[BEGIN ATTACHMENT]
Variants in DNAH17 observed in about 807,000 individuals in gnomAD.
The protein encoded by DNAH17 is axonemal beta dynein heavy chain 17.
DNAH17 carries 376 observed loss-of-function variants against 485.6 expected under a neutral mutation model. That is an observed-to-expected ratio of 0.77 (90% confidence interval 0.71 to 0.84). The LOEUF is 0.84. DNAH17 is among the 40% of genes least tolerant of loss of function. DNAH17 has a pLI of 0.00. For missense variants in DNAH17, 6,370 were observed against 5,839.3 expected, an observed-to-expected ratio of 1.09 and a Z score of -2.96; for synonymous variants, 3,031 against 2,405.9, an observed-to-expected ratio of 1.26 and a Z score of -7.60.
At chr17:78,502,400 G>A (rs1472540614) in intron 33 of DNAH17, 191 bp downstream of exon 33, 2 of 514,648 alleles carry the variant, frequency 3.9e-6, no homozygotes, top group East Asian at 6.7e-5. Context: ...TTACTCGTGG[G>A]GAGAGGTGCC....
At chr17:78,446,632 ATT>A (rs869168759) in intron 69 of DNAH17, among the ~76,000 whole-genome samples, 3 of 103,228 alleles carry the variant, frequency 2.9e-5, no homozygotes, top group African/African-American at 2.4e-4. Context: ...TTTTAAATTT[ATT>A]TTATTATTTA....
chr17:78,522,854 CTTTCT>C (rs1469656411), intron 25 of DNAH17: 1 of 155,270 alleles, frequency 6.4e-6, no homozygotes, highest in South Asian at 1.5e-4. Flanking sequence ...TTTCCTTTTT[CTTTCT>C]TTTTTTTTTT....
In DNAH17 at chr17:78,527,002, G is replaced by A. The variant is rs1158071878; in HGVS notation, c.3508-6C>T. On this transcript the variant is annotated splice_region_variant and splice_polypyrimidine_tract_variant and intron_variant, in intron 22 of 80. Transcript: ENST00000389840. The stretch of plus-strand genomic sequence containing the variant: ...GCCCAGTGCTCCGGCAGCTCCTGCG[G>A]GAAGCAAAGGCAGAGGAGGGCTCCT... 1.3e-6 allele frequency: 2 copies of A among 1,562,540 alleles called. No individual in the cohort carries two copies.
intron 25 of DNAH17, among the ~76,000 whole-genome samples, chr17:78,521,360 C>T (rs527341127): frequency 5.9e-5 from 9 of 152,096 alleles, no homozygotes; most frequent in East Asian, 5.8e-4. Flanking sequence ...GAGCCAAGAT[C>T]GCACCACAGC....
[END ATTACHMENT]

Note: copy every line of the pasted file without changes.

Variants in DNAH17 observed in about 807,000 individuals in gnomAD.
The protein encoded by DNAH17 is axonemal beta dynein heavy chain 17.
DNAH17 carries 376 observed loss-of-function variants against 485.6 expected under a neutral mutation model. That is an observed-to-expected ratio of 0.77 (90% confidence interval 0.71 to 0.84). The LOEUF is 0.84. DNAH17 is among the 40% of genes least tolerant of loss of function. DNAH17 has a pLI of 0.00. For missense variants in DNAH17, 6,370 were observed against 5,839.3 expected, an observed-to-expected ratio of 1.09 and a Z score of -2.96; for synonymous variants, 3,031 against 2,405.9, an observed-to-expected ratio of 1.26 and a Z score of -7.60.
At chr17:78,502,400 G>A (rs1472540614) in intron 33 of DNAH17, 191 bp downstream of exon 33, 2 of 514,648 alleles carry the variant, frequency 3.9e-6, no homozygotes, top group East Asian at 6.7e-5. Context: ...TTACTCGTGG[G>A]GAGAGGTGCC....
At chr17:78,446,632 ATT>A (rs869168759) in intron 69 of DNAH17, among the ~76,000 whole-genome samples, 3 of 103,228 alleles carry the variant, frequency 2.9e-5, no homozygotes, top group African/African-American at 2.4e-4. Context: ...TTTTAAATTT[ATT>A]TTATTATTTA....
chr17:78,522,854 CTTTCT>C (rs1469656411), intron 25 of DNAH17: 1 of 155,270 alleles, frequency 6.4e-6, no homozygotes, highest in South Asian at 1.5e-4. Flanking sequence ...TTTCCTTTTT[CTTTCT>C]TTTTTTTTTT....
In DNAH17 at chr17:78,527,002, G is replaced by A. The variant is rs1158071878; in HGVS notation, c.3508-6C>T. On this transcript the variant is annotated splice_region_variant and splice_polypyrimidine_tract_variant and intron_variant, in intron 22 of 80. Transcript: ENST00000389840. The stretch of plus-strand genomic sequence containing the variant: ...GCCCAGTGCTCCGGCAGCTCCTGCG[G>A]GAAGCAAAGGCAGAGGAGGGCTCCT... 1.3e-6 allele frequency: 2 copies of A among 1,562,540 alleles called. No individual in the cohort carries two copies.
intron 25 of DNAH17, among the ~76,000 whole-genome samples, chr17:78,521,360 C>T (rs527341127): frequency 5.9e-5 from 9 of 152,096 alleles, no homozygotes; most frequent in East Asian, 5.8e-4. Flanking sequence ...GAGCCAAGAT[C>T]GCACCACAGC....